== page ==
Envy is a feeling of discontent and resentment aroused by and in conjunction with desire for the  possessions or qualities of another. Measurement is a spotlight that can generate envy if the environment and people involved combine to create the perfect storm.  Two major factors develop envy in metrics programs; one is a defect of person and the second a defect of the organization.

Envy can be caused personal problems usually caused by low self esteem.  The active component of envy is triggered by a social comparison that threatens a person’s self image. This translates into a variety of harmful behaviors. In benign cases, we might just pass it off as office politics (which everybody loves . . .not), or in a worst case scenario could generate a self destructive spiral of negative behavior which is not helpful to anyone.  Typical envy-driven behaviors to watch for include the loss of will, poor communication and withdrawal and hiding.  While the amateur psychologist in me would be happy to pontificate on the personal side of envy, I am self aware enough to know that I shouldn’t.  If you have fallen into the trap of envy, get professional help; if you are a manager of a person that is falling into this hole, get them help or get them out of the organization.

The other category of triggers are organizational.  These are the triggers that as managers we have more control over and have the obligation to address.  As leaders we have a chance to mold the organizational culture to be supportive of efficiency and effectiveness.  Cultures and environments can facilitate and foster both good and bad behaviors.  Cultures that support an atmosphere of individual completion above collaboration can create an atmosphere where envy can flourish. This will act as a feedback loop to further deepen silos and the possibility of envy. For example, Sid may feel that Joe always gets the best recruits and he is powerless to change the equation (for whatever reason), therefore he can’t compete.  Envy may cause him to focus on stealing Joe’s recruits rather than coaching his own.

Another organizational climate that fosters envious feelings are those where a climate of extreme competition has developed between individuals and teams.  This type of culture can disrupt communication and collaboration and foster silos. In this type of environment positive behaviors, such as displaying measurement data, can act as feedback loop to deepen the competitive culture rather than generating collaboration and communication.  Typical behaviors generated by envy triggered by organizational issues include those noted earlier and outright sabotage of projects and careers (tripping the runner next to you so you can win), and just as bad, the pursuit of individual goals at the expense of the overall business goals.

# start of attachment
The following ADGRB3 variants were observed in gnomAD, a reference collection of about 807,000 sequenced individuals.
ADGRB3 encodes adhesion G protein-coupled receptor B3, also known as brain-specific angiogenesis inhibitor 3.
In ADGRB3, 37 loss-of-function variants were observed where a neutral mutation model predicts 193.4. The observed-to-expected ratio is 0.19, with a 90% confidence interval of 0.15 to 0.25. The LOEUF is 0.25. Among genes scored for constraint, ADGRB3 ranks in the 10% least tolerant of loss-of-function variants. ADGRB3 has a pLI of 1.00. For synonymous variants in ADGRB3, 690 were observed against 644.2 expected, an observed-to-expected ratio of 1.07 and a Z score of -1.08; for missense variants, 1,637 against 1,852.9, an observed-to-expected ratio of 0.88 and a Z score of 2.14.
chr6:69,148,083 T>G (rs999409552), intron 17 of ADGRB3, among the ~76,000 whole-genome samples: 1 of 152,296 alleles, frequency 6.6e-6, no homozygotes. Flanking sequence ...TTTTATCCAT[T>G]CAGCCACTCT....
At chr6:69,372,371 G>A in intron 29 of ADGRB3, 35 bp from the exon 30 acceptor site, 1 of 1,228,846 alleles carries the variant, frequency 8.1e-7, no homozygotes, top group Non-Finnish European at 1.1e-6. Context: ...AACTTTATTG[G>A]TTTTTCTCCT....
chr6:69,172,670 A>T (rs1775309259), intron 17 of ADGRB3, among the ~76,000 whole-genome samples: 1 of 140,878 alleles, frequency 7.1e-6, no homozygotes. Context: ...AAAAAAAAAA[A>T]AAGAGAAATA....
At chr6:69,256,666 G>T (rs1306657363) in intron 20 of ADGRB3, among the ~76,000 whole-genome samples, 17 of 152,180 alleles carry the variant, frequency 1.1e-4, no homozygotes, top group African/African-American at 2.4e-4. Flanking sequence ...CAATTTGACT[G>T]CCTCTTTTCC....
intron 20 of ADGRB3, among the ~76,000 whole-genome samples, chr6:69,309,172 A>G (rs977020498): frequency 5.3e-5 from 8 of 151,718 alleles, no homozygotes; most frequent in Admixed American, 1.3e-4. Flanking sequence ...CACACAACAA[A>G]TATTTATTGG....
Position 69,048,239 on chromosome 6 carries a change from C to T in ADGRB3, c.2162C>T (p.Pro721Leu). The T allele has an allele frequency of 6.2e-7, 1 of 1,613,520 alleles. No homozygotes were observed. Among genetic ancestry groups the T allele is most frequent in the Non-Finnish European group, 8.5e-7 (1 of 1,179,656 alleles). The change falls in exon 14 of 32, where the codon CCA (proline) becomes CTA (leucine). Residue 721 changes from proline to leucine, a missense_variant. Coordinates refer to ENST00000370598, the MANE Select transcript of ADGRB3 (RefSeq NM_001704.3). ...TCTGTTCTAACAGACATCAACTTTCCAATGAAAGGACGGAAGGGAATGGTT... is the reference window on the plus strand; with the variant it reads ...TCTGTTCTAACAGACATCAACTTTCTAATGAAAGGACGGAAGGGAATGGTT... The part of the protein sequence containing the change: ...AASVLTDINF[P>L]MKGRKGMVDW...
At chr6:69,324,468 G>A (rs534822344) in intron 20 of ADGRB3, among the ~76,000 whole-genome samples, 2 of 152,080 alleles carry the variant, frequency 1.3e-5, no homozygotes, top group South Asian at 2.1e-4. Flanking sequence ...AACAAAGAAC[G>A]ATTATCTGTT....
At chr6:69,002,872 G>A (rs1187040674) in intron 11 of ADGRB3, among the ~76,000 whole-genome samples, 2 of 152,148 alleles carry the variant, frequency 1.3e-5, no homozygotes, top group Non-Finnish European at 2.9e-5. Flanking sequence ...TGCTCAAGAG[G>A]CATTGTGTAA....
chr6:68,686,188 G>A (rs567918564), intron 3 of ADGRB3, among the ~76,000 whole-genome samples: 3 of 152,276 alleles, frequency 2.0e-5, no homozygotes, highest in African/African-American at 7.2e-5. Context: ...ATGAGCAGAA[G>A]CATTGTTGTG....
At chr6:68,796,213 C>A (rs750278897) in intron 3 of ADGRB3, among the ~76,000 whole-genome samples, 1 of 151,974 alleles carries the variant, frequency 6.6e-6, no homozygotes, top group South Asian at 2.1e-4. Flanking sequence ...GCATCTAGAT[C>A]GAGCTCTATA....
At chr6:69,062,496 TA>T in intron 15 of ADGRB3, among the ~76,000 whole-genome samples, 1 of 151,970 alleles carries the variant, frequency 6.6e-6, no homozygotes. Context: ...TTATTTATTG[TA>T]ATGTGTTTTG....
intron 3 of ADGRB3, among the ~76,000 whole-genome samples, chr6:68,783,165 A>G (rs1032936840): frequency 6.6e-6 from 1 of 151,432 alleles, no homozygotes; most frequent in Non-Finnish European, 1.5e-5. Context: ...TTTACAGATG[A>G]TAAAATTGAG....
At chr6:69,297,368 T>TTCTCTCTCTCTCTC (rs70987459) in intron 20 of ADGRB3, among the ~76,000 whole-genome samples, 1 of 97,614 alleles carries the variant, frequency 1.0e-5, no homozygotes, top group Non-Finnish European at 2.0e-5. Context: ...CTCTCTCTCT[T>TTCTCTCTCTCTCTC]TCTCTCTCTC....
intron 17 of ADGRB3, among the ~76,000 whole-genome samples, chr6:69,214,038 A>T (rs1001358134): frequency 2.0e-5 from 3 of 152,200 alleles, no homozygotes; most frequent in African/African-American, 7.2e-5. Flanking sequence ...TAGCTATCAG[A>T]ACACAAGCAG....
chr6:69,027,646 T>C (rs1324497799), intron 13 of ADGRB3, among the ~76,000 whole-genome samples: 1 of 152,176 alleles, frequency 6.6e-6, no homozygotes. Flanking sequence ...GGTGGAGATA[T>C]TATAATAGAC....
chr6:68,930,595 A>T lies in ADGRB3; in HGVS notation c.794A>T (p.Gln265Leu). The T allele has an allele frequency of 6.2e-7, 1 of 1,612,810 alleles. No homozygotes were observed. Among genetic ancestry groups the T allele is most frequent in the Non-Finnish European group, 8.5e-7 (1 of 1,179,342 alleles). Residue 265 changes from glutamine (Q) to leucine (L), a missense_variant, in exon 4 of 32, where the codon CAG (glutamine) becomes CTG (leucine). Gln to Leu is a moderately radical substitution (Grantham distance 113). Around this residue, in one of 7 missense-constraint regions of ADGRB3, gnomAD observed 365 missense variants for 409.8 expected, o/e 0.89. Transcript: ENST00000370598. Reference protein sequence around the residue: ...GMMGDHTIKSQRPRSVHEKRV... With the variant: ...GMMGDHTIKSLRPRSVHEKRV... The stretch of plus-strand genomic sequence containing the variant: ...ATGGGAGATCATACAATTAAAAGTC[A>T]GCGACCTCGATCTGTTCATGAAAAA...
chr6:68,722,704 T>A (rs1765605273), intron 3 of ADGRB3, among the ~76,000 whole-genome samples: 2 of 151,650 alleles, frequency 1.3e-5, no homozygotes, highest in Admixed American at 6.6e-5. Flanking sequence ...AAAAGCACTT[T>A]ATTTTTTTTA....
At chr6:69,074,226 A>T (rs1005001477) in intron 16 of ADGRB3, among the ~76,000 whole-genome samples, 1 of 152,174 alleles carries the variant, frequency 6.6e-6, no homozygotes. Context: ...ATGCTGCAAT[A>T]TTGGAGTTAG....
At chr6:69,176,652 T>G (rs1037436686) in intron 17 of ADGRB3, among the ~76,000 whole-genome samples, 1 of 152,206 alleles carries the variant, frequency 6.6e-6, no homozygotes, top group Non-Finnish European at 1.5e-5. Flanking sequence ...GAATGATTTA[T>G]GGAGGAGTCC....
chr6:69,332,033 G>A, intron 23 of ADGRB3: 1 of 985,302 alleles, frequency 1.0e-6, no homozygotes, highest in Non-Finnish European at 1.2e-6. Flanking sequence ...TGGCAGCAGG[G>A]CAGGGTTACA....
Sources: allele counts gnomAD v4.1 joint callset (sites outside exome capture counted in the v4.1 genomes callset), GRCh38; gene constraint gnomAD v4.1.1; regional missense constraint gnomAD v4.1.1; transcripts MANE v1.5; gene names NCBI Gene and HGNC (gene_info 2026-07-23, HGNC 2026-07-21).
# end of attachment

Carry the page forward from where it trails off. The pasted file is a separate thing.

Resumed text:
Measurement programs can take the lead in developing a culture where teams can perform, be recognized for that performance and then share the lessons that delivered that performance.  Understanding and using the concepts of common and special cause of variation as tools in your analysis will help ground your message in a reality that focuses on where specific performance is different enough to be studied. Common cause variation is generated by outcomes that are within the capability of the system.  Whereas special cause outcomes represent performance outside the norm. In every case, performance outside of the norm, should be studied. By focusing your spotlight on these outcomes you have the opportunity to identify new cutting edge ideas and ideas that should be avoided.  Another technique for fostering collaboration (an environment where envy is less likely to take root) is to invite all parties to participate in the analysis of measurement data using tools such as a WIKI. The measurement group should provide the first wave of analysis, then let the stakeholders participate in shaping the final analysis, using the crowd sourcing techniques made famous by Jimmy Wales and Wikipedia.  Getting everyone involved creates a learning environment and peer pressure moderates behavior that could stray outside the norm. Use measurement not only as tool to generate information, but also as a tool to shape the environment and channel the corporate culture.
Measurement and measurement programs don’t cause the sin of envy.  People and organizational cultures foster this sin in equal measure. Done correctly, measurement programs can act as a tool to tame the excess that lead to this sin. However the corollary is also true.  Done incorrectly or poorly, measurement ceases to be a positive tool and becomes part of the problem.  Measurement that fosters transparency and collaboration will help an organization communicate, grow and improve.
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